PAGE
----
Rain Catchers - Water Conservation


Welcome to Conservation Works Rain Catchers Water Conservation page.  Here you will find pictures of our current and past Rain Catchers projects, how-to videos, and resource guides on saving water to help you make every drop count this drought year and beyond.  See our Rain Catchers program website http://raincatchers.info/ for more information.

R.L. Stevens teaching water conservR.L. Stevens kids rolling tankIMG 1297Studio180Tank

Water in California has been at the forefront of our history since statehood.  Water is fundamental to sustainability, and for the past several decades, policymakers in California have grappled with water availability and use.  It is a California truism that we do not have enough water to support continued population growth, thriving agriculture and forestry, wildlife needs, and robust fisheries without changing how we manage water use.

In California, water conservation has become a way of life as competing water demands outpace water supply, requiring every water user to be water smart for the future.  But how to we become water smart?  As individuals, we can make simple lifestyle choices (low flush toilets) and save water.  As businesses, we can first perform a water audit and see where our uses lose water through inefficiency such as in toilet/faucet usage in the restroom, landscaping, air conditioning and cooling, cleaning/washing down floors and equipment, and other activities. Once a business knows where the water is going, it can take steps to limit the water use (low flow toilets, automatic faucets, drought tolerant landscaping, cooling tower improvements that often save money as well as water, sweeping-and-vacuuming rather than hosing-down floors, and other measures).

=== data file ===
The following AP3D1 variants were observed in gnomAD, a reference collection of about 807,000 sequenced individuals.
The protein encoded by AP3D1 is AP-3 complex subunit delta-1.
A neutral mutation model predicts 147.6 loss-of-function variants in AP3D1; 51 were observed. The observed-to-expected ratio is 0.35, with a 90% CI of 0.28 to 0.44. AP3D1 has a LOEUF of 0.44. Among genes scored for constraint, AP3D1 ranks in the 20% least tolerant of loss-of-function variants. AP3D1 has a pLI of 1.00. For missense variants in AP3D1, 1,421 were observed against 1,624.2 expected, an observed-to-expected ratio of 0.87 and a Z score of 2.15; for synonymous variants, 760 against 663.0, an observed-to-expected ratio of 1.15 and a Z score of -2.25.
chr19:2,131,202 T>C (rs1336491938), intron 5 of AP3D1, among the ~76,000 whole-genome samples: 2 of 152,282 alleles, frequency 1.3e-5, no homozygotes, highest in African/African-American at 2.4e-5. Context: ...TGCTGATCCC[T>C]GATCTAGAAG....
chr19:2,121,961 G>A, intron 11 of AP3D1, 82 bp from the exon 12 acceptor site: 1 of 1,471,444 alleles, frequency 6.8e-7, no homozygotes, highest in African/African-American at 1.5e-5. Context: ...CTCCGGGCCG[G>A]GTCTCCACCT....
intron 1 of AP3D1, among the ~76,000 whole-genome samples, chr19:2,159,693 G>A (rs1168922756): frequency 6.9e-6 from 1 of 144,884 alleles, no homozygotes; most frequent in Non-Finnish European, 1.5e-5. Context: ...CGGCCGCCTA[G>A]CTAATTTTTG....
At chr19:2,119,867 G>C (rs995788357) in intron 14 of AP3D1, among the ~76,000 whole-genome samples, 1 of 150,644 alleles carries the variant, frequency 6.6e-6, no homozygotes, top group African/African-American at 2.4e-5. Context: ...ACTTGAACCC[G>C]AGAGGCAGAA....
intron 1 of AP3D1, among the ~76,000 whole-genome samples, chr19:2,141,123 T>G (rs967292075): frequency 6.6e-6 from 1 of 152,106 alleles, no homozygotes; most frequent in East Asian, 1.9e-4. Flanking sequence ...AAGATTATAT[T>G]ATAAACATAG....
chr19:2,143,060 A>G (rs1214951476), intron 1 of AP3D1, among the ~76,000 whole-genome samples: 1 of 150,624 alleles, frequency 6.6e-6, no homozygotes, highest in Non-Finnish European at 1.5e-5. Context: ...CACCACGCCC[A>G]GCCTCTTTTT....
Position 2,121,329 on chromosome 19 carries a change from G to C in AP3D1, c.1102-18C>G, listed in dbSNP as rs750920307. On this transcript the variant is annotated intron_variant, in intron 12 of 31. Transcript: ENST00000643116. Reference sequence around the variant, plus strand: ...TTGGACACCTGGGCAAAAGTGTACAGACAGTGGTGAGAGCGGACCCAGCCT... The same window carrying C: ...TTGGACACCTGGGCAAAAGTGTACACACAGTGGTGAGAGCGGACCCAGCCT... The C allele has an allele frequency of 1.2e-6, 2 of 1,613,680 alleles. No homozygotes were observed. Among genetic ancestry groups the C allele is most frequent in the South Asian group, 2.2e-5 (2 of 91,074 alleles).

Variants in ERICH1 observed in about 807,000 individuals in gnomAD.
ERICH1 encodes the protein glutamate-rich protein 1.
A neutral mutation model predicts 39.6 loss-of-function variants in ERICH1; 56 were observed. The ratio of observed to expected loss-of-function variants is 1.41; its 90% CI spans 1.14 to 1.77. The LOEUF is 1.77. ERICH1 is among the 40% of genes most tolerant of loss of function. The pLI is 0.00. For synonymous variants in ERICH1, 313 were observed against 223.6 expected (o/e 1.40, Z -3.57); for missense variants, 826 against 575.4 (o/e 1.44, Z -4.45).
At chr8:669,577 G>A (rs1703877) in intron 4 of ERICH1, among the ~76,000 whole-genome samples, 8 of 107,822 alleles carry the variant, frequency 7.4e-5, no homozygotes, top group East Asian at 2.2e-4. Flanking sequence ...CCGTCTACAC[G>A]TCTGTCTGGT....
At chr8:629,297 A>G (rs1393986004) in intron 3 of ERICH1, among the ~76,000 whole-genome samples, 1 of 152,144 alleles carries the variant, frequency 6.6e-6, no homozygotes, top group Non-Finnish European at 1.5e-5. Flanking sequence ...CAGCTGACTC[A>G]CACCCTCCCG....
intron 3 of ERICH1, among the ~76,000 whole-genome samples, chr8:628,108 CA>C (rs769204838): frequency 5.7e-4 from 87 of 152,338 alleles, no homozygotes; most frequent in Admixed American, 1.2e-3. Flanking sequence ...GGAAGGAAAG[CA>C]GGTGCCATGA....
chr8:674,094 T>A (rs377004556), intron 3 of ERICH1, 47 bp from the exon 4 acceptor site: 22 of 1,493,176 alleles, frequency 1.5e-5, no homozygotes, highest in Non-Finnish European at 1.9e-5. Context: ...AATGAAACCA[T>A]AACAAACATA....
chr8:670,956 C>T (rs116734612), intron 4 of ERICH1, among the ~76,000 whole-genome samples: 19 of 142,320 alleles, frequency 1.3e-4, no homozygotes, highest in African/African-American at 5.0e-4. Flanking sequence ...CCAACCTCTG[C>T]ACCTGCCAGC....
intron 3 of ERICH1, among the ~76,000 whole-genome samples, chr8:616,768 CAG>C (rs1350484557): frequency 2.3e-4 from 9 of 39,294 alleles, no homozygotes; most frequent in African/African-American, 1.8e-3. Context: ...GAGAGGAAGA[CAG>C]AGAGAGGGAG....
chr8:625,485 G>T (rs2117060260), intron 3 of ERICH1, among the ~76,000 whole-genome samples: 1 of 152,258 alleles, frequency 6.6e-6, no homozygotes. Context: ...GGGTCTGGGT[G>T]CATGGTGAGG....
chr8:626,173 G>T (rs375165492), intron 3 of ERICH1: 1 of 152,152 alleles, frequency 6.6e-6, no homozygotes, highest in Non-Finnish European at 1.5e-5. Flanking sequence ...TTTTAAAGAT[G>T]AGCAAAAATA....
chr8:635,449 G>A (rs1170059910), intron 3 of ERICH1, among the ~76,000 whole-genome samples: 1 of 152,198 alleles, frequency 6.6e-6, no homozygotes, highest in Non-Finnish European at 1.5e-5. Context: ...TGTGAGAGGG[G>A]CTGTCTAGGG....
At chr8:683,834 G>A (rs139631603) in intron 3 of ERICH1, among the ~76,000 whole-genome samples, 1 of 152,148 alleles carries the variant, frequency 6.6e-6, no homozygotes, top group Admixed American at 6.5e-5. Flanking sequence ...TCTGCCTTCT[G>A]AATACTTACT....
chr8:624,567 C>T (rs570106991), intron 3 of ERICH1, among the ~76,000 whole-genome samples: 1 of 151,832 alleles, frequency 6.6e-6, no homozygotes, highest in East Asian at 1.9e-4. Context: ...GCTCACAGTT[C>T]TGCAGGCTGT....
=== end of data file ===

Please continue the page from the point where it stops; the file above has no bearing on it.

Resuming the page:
We can also store water as individuals and businesses, saving the stored water from winter rains for use during the dry summer season for irrigation and other uses.  Our Rain Catchers (www.raincatchers.info) program is designed to save winter runoff for summer use, and the program can be used by individuals, schools, dairies and other agricultural operators, and more.  Rooftop rainwater collection systems capture the water that is falling on impervious surfaces and direct the runoff into holding tanks or basins, small and large, for later use.  Our Rain Catchers can be barrel-sized (individual homeowners), medium tanks (schools), or large (farm-scale with large tanks and other off-stream storage basins).  The actions that are taken to conserve water benefit people, fish, and wildlife.

Rain Catchers provides:

Guidance to homeowners

No-cost educational modules and a rooftop collection and storage system to partnering schools

Partnerships with agricultural operations and Resource Conservation Districts to develop and implement site specific plans for water conservation and habitat restoration

What to do about the drought?
The rains may be starting, but much of California is still under a severe drought and water must be conserved. Did you know that if your water system has been affected by the ongoing drought, U.S. EPA can help. The U.S. EPA is coordinating with federal and state partners, including California, to assist water and wastewater utilities with identifying possible drought mitigation strategies, as well as to help utilities understand the types of funding available. Eligible projects can include the following: aquifer storage and recovery, deeper wells, water reuse, alternative water sources, flood diversion and storage, leak detection projects, and more. To receive assistance, email your utility name, city, state and phone number to DroughtQuestions@epa.gov. U.S. EPA will contact you and guide you through the various sources of assistance. 



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